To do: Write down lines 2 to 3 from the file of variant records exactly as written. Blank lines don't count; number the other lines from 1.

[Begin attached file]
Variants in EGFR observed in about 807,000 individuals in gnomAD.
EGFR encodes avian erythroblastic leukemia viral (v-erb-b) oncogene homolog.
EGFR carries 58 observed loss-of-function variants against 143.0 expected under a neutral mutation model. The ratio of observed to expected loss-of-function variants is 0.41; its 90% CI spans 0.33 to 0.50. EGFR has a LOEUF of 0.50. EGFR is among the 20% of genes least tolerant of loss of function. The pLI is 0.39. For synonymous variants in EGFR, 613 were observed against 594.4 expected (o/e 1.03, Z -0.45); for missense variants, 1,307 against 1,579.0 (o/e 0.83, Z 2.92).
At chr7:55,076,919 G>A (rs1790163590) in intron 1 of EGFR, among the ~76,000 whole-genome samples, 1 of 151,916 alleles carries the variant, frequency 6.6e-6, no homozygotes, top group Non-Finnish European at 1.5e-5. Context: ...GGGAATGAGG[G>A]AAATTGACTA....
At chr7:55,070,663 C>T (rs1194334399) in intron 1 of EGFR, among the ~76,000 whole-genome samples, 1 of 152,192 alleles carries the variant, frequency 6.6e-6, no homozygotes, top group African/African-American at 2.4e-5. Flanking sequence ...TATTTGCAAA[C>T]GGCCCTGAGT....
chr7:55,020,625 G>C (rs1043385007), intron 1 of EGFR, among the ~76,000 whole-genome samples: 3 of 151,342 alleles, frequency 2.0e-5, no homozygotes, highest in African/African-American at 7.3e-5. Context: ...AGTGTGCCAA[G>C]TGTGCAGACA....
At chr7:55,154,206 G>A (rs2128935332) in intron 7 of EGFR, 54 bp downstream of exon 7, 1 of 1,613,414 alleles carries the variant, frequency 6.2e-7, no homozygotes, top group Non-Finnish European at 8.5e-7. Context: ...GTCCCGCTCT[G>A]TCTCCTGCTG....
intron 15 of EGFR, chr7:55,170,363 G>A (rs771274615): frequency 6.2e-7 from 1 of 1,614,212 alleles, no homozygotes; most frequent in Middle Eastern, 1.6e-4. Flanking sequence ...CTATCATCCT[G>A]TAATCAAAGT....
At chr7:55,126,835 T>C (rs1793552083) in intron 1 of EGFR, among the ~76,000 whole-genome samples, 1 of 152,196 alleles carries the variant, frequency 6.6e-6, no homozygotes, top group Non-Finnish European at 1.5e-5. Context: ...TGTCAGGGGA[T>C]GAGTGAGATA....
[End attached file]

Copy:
EGFR encodes avian erythroblastic leukemia viral (v-erb-b) oncogene homolog.
EGFR carries 58 observed loss-of-function variants against 143.0 expected under a neutral mutation model. The ratio of observed to expected loss-of-function variants is 0.41; its 90% CI spans 0.33 to 0.50. EGFR has a LOEUF of 0.50. EGFR is among the 20% of genes least tolerant of loss of function. The pLI is 0.39. For synonymous variants in EGFR, 613 were observed against 594.4 expected (o/e 1.03, Z -0.45); for missense variants, 1,307 against 1,579.0 (o/e 0.83, Z 2.92).